"We've got to run the football," Miles said. "Our guys want to run it, and I feel like we'll run it from here on."

Scott, who had been disappointing in LSU's first four games, ran 19 times for 95 yards with two touchdowns. Jefferson, starting only his seventh game, completed 18 of 27 passes for 212 yards. But he was sacked six times and threw an interception.

"He's still a developing quarterback," Miles said. "But let me tell you what he is: he's a competitor and a pretty good passer. I think his growth is weekly and it's not unexpected. I expected him to make those throws."

With former Tennessee defensive coordinator John Chavis on board, LSU plays defense the way it's supposed to play defense. The Tigers held Georgia to only 49 yards of offense in the first half -- 31 passing and 18 rushing.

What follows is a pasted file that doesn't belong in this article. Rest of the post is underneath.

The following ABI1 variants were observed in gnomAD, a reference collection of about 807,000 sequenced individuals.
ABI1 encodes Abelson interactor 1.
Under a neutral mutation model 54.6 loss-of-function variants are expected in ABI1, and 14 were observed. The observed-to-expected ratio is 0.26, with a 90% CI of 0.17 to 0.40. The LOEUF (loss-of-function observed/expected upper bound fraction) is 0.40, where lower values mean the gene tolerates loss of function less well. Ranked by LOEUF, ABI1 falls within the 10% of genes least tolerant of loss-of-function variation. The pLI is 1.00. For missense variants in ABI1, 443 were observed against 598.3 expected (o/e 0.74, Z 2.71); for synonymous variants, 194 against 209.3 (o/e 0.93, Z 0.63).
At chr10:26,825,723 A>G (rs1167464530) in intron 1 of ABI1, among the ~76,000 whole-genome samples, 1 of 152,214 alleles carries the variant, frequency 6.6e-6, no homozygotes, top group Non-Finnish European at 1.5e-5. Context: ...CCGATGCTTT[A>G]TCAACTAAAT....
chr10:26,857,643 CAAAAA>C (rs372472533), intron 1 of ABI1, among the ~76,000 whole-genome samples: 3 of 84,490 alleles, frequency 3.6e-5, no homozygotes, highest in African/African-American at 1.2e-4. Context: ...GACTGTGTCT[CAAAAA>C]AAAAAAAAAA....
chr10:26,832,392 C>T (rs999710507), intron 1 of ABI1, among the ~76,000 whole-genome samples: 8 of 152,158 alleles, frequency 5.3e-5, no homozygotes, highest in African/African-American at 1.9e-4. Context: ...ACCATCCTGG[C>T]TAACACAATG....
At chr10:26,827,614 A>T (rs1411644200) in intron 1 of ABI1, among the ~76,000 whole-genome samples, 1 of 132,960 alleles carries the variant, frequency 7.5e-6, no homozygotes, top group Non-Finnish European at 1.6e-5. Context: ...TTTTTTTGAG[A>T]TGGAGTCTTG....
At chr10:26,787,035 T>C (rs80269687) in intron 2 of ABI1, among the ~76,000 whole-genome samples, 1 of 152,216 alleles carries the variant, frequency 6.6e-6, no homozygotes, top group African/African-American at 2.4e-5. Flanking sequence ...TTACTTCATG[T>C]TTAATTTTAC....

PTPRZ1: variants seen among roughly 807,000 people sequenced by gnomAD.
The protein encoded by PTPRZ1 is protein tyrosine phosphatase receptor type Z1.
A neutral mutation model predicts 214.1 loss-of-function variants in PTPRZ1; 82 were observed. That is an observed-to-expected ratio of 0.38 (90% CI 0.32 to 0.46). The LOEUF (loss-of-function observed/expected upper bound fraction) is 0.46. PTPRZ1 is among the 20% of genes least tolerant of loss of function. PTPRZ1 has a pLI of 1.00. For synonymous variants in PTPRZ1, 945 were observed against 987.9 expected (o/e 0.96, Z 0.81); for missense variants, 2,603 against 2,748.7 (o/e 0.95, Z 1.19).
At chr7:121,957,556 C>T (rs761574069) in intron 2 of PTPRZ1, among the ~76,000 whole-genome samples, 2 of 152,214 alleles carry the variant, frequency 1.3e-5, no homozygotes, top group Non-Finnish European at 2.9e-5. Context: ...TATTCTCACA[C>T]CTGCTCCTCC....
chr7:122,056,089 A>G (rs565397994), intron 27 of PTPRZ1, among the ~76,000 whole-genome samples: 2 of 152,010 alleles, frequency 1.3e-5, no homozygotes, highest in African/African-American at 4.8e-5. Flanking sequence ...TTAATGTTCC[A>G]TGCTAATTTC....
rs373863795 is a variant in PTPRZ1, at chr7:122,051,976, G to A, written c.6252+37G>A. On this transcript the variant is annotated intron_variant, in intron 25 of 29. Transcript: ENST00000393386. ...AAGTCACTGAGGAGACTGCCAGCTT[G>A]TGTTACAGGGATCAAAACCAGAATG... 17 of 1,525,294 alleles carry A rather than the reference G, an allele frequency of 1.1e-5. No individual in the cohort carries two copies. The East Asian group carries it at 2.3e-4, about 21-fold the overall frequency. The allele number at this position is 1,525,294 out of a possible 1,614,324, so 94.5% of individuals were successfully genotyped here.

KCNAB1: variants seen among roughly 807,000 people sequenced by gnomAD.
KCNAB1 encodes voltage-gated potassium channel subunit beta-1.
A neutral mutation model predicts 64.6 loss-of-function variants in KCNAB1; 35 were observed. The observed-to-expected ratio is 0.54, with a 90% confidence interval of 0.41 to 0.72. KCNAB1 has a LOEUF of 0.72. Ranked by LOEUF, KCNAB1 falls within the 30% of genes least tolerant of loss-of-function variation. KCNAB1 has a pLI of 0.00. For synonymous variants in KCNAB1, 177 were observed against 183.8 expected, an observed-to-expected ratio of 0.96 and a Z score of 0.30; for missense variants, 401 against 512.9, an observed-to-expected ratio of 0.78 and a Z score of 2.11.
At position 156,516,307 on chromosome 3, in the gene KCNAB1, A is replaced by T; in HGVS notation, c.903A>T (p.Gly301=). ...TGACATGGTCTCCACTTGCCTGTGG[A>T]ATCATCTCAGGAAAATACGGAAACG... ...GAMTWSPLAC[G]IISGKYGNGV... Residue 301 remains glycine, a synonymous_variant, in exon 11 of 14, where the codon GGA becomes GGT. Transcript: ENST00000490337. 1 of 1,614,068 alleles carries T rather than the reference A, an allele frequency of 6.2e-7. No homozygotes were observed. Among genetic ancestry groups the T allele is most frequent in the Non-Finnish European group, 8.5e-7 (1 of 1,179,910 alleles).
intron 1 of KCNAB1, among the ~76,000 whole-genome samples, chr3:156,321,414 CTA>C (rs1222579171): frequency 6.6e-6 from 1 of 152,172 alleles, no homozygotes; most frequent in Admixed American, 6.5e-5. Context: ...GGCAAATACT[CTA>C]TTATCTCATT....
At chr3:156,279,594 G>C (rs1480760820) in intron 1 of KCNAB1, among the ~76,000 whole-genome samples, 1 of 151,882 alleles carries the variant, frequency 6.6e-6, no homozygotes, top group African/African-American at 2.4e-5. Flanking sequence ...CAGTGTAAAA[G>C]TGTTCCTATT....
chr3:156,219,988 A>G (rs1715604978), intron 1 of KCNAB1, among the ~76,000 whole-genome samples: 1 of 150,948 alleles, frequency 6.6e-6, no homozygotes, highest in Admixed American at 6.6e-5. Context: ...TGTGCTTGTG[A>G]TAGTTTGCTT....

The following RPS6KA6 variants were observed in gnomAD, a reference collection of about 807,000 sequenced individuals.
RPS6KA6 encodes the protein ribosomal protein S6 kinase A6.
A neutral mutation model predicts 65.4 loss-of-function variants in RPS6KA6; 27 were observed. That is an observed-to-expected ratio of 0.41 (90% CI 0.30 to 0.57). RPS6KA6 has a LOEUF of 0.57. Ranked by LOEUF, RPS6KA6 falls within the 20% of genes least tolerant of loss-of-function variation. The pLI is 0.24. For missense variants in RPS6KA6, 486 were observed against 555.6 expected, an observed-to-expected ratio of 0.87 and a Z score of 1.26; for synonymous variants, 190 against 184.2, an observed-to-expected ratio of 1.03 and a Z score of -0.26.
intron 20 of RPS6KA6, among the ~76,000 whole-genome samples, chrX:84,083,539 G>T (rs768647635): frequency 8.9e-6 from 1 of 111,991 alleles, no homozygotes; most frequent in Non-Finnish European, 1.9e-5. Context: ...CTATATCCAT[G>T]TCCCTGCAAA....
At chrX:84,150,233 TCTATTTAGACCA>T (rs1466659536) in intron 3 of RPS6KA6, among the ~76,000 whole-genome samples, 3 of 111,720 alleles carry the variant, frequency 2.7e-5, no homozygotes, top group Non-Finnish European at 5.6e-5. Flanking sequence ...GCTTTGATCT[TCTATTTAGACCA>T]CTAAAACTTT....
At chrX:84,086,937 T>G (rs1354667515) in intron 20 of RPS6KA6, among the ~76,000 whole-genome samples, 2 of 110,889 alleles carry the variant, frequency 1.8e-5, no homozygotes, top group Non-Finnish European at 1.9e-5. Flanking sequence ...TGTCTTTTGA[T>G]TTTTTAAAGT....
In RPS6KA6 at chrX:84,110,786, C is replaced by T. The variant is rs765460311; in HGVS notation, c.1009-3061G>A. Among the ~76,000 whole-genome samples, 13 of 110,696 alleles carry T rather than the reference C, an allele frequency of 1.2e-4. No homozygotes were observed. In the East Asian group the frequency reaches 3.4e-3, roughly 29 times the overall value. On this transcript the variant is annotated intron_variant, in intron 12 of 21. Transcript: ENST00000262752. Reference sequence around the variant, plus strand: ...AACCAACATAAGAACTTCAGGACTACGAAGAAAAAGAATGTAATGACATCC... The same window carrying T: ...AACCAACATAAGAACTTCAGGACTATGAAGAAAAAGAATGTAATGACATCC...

Green, the Bulldogs' sensational sophomore receiver, hurt the Tigers at times. He caught five passes for 99 yards, including the late touchdown, but cornerback Patrick Peterson covered Green as well as anyone has. Georgia's running game was so ineffective early in the game that the Bulldogs played freshman Washaun Ealey, who didn't play in the first four games. Richard Samuel and Caleb King combined for only 18 yards on 12 carries.

"We tackled better, there's no question about it," Chavis said. "You saw some hits you expect to see in the SEC. I don't know if anybody can say they have everything they need, but we have the guts and desire."

And at LSU, where the Tigers seem to win on guts and desire more than anything else, that just might be enough.

"Now we know what kind of team we have," Sheppard said. "If we come together, we know we can play with anyone. I saw guys' eyes tearing up out there. This team's will to win, I've never been around anything like it."

Mark Schlabach covers college football and men's college basketball for ESPN.com. You can contact him at schlabachma@yahoo.com.